E - This is just talking about standards in each industry - it's a fact, not attitude. This is definitely the trap answer - "degree of inaccuracy" can be used to convey something negative. Here, however, the author isn't using it to talk about the Modern Movement, but rather the subcontractors.
2) PT 44, LR section 4, question 8 - how do you approach questions that ask for "which one of the following is the most logical completion of the argument?" I find it difficult to determine which answers seem to be out of scope, or right on the point, especially since the answer choices are very similar.
These are similar to "most strongly supported" and, weirdly enough, Resolve questions. They're going to present you with 2 facts/trains of thought, and you need to squish them together to get the right answer. The one important difference here is that I'm not just looking for something that has support - I'm looking for something related to what I'm talking about. This will become important in a minute.
So here, we have an insurgent party that doesn't like the dominant party's reign. Let's call them the T Party. However, within the T Party, factions exist - and those factions are as different from each other as the T Party is to the O Party (again, just making up random names...). So these insurgents are going to have some disagreements, but they're putting them aside for now to defeat the O Party. And then, INEVITABLY, the T Party factions will have these issues come up.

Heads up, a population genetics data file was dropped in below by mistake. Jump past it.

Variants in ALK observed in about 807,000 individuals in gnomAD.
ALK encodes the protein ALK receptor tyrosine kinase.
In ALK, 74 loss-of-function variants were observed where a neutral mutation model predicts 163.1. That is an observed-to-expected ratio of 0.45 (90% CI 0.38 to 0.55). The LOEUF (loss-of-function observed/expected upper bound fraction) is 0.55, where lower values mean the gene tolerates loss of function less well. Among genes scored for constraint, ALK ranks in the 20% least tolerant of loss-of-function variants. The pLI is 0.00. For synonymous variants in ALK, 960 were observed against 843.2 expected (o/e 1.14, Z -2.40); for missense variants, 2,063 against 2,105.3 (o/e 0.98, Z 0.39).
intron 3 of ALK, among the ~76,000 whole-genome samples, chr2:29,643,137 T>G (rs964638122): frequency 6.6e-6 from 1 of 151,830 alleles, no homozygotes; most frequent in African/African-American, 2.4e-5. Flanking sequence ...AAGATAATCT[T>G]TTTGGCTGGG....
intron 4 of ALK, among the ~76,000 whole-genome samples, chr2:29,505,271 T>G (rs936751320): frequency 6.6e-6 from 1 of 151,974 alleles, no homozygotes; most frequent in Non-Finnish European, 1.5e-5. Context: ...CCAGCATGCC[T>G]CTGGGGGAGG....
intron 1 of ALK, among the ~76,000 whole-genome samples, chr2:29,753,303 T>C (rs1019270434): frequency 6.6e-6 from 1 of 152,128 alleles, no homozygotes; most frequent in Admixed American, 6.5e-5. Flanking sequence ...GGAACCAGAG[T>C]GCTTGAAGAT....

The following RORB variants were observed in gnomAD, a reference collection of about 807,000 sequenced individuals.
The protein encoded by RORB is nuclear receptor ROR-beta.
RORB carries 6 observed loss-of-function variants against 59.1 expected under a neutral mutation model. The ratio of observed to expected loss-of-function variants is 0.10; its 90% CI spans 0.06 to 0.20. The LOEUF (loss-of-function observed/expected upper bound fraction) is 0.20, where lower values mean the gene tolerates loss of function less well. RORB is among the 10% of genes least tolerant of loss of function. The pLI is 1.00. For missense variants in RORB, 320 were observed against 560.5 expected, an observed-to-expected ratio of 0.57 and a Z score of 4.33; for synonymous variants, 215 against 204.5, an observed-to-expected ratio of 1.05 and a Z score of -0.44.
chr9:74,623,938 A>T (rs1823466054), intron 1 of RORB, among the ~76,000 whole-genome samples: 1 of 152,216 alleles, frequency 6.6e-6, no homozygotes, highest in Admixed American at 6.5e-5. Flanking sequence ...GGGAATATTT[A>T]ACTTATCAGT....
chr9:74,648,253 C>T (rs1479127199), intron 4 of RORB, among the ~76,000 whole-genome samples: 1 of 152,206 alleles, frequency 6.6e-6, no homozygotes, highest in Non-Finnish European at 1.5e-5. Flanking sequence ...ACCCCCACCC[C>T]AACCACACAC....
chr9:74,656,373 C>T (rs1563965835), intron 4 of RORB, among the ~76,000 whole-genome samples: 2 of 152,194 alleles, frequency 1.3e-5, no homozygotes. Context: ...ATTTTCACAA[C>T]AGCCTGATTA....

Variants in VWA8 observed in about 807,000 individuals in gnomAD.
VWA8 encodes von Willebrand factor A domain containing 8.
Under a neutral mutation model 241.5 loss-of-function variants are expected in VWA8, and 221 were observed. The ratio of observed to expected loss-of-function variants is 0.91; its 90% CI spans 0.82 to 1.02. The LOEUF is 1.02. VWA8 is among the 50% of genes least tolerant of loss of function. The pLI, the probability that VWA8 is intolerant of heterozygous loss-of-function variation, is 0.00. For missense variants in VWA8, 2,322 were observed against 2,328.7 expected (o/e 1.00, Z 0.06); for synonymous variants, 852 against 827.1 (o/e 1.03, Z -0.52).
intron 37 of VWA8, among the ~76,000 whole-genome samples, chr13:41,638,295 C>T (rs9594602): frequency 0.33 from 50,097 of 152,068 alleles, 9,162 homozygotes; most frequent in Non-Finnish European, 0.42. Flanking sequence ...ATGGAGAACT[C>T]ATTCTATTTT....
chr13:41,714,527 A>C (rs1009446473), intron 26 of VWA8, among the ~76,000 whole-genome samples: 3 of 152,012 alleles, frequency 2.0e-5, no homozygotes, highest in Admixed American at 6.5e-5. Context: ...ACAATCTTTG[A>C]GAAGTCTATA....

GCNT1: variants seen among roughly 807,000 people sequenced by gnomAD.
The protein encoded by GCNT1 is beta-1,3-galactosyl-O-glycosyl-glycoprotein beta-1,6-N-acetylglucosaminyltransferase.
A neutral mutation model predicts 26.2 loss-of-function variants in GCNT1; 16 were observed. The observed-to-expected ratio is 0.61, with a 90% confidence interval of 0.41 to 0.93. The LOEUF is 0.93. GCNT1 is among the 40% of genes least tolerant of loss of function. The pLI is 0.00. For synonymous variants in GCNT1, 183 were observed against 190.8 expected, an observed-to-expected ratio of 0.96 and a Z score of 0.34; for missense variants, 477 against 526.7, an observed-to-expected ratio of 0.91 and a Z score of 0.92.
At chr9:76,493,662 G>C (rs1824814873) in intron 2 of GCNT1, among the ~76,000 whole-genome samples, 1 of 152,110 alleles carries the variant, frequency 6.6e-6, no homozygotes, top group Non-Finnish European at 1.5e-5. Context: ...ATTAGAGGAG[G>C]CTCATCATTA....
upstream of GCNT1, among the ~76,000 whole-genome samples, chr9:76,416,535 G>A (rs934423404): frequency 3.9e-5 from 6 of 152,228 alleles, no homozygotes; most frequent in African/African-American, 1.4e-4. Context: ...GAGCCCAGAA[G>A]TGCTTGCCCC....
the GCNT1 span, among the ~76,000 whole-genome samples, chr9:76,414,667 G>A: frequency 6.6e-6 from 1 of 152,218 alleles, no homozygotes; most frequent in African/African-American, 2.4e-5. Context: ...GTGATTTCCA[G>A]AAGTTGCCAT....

So I've got a divided party coming together to defeat what they view as a bigger threat (like a supervillian teaming up with superheroes to defeat Galactus). Then, they win. Now, they have a lot of differences. I need to find an answer that talks about the handling of these differences, because that squishes my two ideas together (they have huge differences; they came together and defeated the O Party).
A - This is comparative - I don't know how long they'll stay in power.
B - Here we go. The T party is having some issues; when the last party had similar issues with a different group, it resulted in them getting defeated. If the T Party doesn't want to succumb to the same fate, it's going to have to deal with these issues before one of the factions becomes a new insurgent party and defeats the T Party.